Great news: The Apache Ignite Community has released the fourth alpha build of Ignite 3!
Ignite 3 is a project that aims to create the next generation of the Apache Ignite platform, modernize and improve the usability of the product while keeping its power and flexibility. It’s been quite a journey since the project started in late 2020 – I’ve been sharing the updates along the way in a series of blogs devoted to the topic:
- Ignite 3 Alpha: A Sneak Peek into the Future of Apache Ignite
- Just Released: Apache Ignite 3, Alpha 2
- Apache Ignite 3, Alpha 3: Apache Calcite, RAFT, and LSM-Tree
The Apache Ignite 3, Alpha 4 build that just became available is the latest release of the Ignite 3 project. Let’s talk about the features that the community included in this release.
POJO Mappings for Table Views
One of the cornerstone features of Ignite 3 is the new data access API, which provides multiple views of the data stored in Ignite. Users can maintain a single database schema and, at the same time, choose different ways to interact with the underlying data for different parts of their applications based on the business requirements of those applications. The best way to take a closer look at the Table API is to refer to the corresponding code examples.
However, in Alpha 3 and earlier releases, the only option to use the aforementioned table views was via the low-level tuples, which are essentially sets of fields representing table records. This way is not the most convenient because applications typically work with language-specific data model entities (e.g., POJO classes in Java).
Starting with Alpha 4, Ignite will automatically convert tuples to your objects. You can either rely on the default algorithm that will introspect your classes using reflection and match them with the schema, or provide your own conversion logic via the Mapper interface.
Ignite 3 Alpha 3 introduced the first version of the brand new SQL engine based on Apache Calcite. Since then, the community has added various new features to the engine, the most notable being the Data Definition Language.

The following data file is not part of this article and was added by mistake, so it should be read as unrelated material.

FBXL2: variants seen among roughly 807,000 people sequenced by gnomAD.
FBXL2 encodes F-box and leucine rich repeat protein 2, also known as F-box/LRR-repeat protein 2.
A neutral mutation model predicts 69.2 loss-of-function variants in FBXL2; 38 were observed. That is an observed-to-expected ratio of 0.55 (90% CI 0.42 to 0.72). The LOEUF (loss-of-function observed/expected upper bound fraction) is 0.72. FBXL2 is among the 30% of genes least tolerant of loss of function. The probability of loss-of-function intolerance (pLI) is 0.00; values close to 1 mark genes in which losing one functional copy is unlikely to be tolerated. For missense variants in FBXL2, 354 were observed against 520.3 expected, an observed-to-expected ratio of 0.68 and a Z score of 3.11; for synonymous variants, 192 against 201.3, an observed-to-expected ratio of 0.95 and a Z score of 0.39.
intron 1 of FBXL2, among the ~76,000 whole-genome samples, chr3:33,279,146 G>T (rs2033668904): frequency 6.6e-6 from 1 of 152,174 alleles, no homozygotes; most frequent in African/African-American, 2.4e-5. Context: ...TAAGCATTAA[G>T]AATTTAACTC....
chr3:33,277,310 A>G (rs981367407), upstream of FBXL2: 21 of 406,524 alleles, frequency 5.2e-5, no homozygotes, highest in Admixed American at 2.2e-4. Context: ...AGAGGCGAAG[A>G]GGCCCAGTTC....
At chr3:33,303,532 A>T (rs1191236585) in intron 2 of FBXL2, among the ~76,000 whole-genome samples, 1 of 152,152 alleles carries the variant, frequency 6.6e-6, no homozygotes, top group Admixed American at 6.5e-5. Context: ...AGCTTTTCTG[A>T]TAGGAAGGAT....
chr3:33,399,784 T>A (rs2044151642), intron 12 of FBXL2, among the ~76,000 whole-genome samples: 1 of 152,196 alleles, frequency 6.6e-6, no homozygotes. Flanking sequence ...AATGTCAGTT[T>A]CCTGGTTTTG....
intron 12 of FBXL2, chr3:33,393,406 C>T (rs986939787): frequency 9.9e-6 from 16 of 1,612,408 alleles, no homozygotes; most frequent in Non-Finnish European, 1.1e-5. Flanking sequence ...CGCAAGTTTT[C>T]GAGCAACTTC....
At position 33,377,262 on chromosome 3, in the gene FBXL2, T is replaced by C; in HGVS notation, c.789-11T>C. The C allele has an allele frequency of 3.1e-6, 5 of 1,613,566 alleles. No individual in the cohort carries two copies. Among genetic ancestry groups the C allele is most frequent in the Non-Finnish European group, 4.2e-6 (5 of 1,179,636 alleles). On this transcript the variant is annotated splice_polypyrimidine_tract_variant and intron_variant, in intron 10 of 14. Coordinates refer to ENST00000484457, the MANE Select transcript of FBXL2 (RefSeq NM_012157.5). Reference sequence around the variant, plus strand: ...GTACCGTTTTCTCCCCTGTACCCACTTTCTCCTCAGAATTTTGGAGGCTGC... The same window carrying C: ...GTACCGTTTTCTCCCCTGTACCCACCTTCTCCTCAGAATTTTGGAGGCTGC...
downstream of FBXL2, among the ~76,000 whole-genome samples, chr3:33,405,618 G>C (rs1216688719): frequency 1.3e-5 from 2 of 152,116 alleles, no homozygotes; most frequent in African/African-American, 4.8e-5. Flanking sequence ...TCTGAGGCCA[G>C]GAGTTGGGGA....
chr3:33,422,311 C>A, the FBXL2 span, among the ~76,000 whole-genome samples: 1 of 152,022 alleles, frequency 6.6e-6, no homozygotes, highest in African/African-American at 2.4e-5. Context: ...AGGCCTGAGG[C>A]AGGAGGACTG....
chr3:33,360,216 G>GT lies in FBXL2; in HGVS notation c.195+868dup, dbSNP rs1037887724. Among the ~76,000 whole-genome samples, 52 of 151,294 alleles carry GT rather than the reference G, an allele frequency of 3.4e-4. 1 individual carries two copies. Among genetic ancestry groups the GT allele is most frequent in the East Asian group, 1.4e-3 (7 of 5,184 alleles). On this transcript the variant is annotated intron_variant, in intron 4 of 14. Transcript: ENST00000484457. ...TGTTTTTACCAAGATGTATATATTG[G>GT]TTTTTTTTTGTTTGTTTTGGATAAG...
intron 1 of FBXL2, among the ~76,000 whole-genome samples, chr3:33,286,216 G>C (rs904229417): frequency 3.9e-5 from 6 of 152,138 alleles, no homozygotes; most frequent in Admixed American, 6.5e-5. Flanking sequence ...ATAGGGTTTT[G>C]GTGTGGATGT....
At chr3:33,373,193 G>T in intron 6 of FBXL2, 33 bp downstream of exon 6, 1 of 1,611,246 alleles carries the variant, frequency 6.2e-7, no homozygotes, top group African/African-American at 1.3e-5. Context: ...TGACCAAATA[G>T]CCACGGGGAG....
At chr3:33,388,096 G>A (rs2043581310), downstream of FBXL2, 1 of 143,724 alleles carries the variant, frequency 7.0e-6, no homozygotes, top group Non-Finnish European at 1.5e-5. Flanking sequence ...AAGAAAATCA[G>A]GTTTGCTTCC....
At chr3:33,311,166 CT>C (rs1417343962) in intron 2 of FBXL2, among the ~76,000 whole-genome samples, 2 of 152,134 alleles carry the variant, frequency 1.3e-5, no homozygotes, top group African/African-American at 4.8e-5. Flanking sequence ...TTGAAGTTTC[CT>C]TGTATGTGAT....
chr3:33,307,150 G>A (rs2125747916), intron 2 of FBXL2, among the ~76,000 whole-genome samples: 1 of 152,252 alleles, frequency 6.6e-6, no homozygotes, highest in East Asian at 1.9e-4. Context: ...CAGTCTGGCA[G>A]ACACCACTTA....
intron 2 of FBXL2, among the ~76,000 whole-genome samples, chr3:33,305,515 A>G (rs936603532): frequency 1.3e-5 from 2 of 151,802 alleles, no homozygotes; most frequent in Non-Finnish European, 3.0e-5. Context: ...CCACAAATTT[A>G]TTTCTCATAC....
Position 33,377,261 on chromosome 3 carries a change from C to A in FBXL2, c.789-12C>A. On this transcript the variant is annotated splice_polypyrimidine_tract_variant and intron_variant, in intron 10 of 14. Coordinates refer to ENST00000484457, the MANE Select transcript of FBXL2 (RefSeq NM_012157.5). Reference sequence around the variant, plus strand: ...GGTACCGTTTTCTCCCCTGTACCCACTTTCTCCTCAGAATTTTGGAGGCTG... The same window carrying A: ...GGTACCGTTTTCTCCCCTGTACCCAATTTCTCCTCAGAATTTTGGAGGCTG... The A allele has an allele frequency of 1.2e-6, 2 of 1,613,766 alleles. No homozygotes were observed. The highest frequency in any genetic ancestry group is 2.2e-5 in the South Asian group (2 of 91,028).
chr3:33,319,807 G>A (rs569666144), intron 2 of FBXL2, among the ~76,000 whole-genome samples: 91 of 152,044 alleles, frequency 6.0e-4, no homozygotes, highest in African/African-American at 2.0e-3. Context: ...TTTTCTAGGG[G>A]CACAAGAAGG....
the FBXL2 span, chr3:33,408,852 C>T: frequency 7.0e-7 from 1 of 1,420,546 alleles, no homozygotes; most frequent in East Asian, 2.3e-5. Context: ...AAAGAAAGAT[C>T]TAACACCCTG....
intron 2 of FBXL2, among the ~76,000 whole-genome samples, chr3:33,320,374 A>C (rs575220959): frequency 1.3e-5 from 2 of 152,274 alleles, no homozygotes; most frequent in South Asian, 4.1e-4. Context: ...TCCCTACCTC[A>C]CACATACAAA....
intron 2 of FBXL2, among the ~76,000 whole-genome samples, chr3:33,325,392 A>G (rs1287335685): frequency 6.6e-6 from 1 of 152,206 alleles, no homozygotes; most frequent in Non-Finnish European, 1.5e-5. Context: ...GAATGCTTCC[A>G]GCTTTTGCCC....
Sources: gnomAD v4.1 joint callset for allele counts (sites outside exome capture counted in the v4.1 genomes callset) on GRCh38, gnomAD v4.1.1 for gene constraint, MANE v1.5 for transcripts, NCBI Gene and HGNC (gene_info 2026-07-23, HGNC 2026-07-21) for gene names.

As with any other SQL database, DDL in Ignite is designed to define tables, indexes, and other components of the schema.
With the schema-driven approach that Ignite 3 is taking, DDL will likely become one of the most frequently used ways of configuring and managing the database. Introducing DDL into the Calcite-based engine is a massive step towards achieving the usability goals of Ignite 3.
Another exciting part of Apache Ignite 3, Alpha 4 is the new transactional API, which, in my opinion, is much more intuitive and flexible than what Ignite 2 currently provides. Here are some of the advantages of Ignite 3 transactional API:
- It is fully asynchronous and never blocks your threads unless you specifically request this.
- Asynchronous support in Java is based on standard CompletableFuture, which makes it easy to use and compatible with existing execution frameworks. We’re planning to take a similar approach for other languages as well.
- A transaction is not associated with a specific thread. You can create a transaction anywhere in your application and then work with it as with any other regular object to enlist multiple data read/write operations.
- Convenience APIs for more straightforward synchronous transactions are also provided, so you will not skip a beat when migrating from Ignite 2 to Ignite 3.
On the implementation level, Ignite 3 implements a brand new transactional protocol, which works on top of the Raft-based replication infrastructure. Among many other improvements, this protocol allows us to get rid of the Partition Map Exchange process. Thanks to this change, we expect Ignite 3 to be a step forward from the standpoint of manageability and overall stability of the system.
I encourage you to take a look at the code examples that illustrate some of the usages of the new transactional API.
Your Feedback is Important!
The Apache Ignite community is constantly looking for feedback on the Ignite 3 activities. We review all incoming ideas, suggestions, or concerns and consider them for future development.
We ask you to try out the Apache Ignite 3, Alpha 4 release by referring to the documentation and code examples. If you have anything to share with us, please do not hesitate to do so in the dedicated email thread.
We will also discuss the Alpha 4 release during the upcoming virtual Ignite Community event on February 16.